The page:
New York State Court of Claims

New York State Court of Claims



Case Information

DAVID and ANDREA PUSTELL, Natural Parents and Legal Guardians of LISA M. PUSTELL, an Infant Under 14 Years of Age
Claimant short name:
Footnote (claimant name) :

Footnote (defendant name) :

Third-party claimant(s):

Third-party defendant(s):

Claim number(s):
Motion number(s):
Cross-motion number(s):

Claimant's attorney:
Defendant's attorney:
Attorney General of the State of New York
BY: JAMES L. GELORMINI, ESQ.Assistant Attorney General
Third-party defendant's attorney:

Signature date:
February 23, 2004

Official citation:

Appellate results:

See also (multicaptioned case)


On April 16, 2003, the following papers were read on motion by Defendants for summary judgment dismissing the claim:
Notice of Motion, Affirmation, Affidavit and Exhibits Annexed

Opposing Affidavits and Exhibits Annexed

Reply Affidavits

Filed Papers: Claim

On June 30, 1996, at approximately 8:00 p.m., Lisa Pustell[1] was walking along the Erie Canal path in the Village of Pittsford, New York, near the State Street Bridge at Schoen Place and State Street. She allegedly stepped into a hole left by a missing bollard and sustained, inter alia, injuries to her right leg.

An action was brought in the Supreme Court, Monroe County, against the Village of Pittsford, and by order dated February 1, 2000 (Exhibit C to the Affidavit in Opposition), Justice Evelyn Frazee dismissed the claim against the Village of Pittsford, noting in part, that: "The VanElst [sic] affidavit establishes that New York State is responsible for the area where the plaintiff's fall occurred, and the proof fails to establish that the Village assumed this responsibility or had any duty to the plaintiff."

A contemporaneous Notice of Intention to file a claim was served on September 10, 1996, and thereafter the instant claim was filed and served alleging negligence by the named Defendants herein. With that background information, the Defendants now seek summary judgment dismissing the claim, contending that the location where Claimant fell was part of the lands which the Village of Pittsford was allowed to occupy and use pursuant to a permit issued by the Defendant New York State Canal Corporation.

Preliminarily, I note that this action has been commenced against three named defendants: the State of New York, the New York State Thruway Authority, and the New York State Canal Corporation. Counsel for all three named Defendants asserts that the State of New York is not a proper party because all jurisdiction over canal lands has been transferred to the Thruway Authority and the Canal Corporation. Claimants do not dispute these contentions, and thus, as to the Defendant State of New York, the motion is granted and the claim is dismissed as to that entity.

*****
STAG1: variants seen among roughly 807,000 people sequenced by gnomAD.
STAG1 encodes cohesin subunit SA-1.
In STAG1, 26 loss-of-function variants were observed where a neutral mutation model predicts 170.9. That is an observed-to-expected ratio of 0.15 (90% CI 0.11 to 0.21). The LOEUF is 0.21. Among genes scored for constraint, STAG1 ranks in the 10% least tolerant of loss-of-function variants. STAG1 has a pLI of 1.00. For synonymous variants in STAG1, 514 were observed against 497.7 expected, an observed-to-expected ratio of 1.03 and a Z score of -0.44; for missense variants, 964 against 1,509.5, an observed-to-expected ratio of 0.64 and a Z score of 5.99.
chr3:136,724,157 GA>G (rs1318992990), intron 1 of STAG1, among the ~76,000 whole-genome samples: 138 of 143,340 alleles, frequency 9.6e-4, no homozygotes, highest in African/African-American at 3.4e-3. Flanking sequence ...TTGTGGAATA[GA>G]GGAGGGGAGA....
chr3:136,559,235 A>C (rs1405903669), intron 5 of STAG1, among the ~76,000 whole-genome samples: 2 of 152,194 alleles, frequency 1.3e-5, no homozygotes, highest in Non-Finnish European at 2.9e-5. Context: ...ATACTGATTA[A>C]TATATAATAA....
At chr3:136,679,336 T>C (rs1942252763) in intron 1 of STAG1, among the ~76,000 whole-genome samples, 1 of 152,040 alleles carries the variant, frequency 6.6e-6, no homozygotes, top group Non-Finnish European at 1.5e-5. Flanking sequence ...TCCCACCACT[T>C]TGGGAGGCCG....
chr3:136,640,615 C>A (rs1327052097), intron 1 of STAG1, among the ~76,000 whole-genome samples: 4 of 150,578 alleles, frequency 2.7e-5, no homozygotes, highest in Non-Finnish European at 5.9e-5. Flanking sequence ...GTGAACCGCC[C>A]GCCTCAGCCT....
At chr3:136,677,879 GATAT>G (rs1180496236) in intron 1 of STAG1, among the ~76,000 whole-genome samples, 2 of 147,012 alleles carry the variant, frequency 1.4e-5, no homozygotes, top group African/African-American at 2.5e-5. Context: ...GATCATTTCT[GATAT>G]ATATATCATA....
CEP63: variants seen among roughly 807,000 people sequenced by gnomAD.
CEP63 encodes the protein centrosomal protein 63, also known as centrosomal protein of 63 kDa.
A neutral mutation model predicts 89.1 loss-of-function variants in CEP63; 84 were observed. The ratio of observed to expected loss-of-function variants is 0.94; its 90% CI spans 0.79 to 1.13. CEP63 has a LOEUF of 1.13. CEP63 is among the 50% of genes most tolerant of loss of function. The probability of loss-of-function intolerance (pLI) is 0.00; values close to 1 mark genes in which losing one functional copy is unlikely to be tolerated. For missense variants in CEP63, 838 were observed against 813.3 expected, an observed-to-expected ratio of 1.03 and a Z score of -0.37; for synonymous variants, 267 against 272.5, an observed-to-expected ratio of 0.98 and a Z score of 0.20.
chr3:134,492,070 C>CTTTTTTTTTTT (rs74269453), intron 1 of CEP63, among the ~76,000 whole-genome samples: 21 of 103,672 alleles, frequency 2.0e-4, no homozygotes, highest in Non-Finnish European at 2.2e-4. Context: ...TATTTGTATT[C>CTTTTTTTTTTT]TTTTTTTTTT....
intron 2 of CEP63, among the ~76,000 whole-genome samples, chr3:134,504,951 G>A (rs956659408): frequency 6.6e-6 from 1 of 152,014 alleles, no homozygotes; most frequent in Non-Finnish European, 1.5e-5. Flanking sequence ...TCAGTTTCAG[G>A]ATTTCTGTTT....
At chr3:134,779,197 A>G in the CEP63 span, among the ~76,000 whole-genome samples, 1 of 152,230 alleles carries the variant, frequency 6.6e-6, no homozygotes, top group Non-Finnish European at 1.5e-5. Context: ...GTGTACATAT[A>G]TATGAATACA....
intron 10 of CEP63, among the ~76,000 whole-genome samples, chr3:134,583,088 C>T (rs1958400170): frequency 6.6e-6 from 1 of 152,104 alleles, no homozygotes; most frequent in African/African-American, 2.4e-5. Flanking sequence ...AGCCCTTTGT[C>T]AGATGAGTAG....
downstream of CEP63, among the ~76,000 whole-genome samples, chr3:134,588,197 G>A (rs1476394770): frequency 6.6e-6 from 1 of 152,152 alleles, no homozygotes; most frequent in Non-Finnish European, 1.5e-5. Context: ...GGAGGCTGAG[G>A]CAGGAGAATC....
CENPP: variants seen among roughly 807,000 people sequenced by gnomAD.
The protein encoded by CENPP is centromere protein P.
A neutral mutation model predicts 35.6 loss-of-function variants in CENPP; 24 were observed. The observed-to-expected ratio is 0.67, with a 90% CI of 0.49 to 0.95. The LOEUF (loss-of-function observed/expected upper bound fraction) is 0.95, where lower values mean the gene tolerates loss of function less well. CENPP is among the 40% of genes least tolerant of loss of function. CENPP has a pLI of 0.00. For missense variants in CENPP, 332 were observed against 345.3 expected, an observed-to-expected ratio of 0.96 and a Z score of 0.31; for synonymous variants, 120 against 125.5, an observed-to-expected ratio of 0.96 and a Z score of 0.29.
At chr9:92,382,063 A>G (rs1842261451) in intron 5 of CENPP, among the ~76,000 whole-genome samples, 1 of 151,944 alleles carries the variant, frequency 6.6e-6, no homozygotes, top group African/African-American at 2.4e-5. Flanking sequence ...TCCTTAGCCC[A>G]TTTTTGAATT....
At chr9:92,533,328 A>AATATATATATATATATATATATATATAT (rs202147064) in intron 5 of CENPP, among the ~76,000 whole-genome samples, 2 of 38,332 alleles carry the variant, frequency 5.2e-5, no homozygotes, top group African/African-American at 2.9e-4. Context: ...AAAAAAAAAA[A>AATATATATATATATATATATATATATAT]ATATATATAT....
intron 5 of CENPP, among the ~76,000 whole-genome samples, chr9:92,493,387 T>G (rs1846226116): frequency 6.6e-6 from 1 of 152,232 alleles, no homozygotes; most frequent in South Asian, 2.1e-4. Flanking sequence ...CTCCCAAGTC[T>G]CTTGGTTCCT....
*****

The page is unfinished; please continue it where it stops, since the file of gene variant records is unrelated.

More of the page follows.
The Defendants here contend that the location where Claimant fell was part of the lands that the Village of Pittsford (Pittsford) was "allowed to occupy and use pursuant to a permit issued by the New York State Canal Corporation," which permit purportedly holds Pittsford responsible for all property repairs, improvements and maintenance. The permit in question (C42539 - Exhibit B to the Manns affidavit in support of the motion) contains: (1) the property description ("Irregular linear parcel improved with transient dock facility, pavilion, ret. wall, benches, bollards, walkway and other amenities"); (2) the property location ("North side of Canal between Main St. and State St." [Schoen Place]), and inter alia, (3) recites the canal station numbering as "Cl Sta. 2223+00 - 2227+00±." In support of the motion, Defendants proffer the affidavit of Richard P. Manns, a civil engineer employed by the Canal Corporation, whose responsibilities included the evaluation and processing of permits issued by the Canal Corporation during the period in question. He avers that after reviewing certain depositions, photographs, etc., he made a site visit to the location of the accident, and found it to be located on "an improved walkway adjacent to, and just north of, the canal between the Main Street bridge and the State Street bridge" in Pittsford. He also reviewed the permit in question and opines that the location of the accident is within the area of the permit.

However, he also notes the canal station numbering on the permit was "in error," and, declares that the correct canal station numbering for the permit area is 2213+98 to 2228+65. Needless to say, if the canal station numbers on the permit are correct, the location of Claimant's injury falls outside the permit's boundaries, theoretically exposing the Defendants to liability here. However, if Manns' "altered" canal stations are utilized, sure enough, then the accident location falls within the permit's confines, and Pittsford would appear to be the municipal entity putatively answerable in damages. This contention, of course, is the converse of the finding in Supreme Court.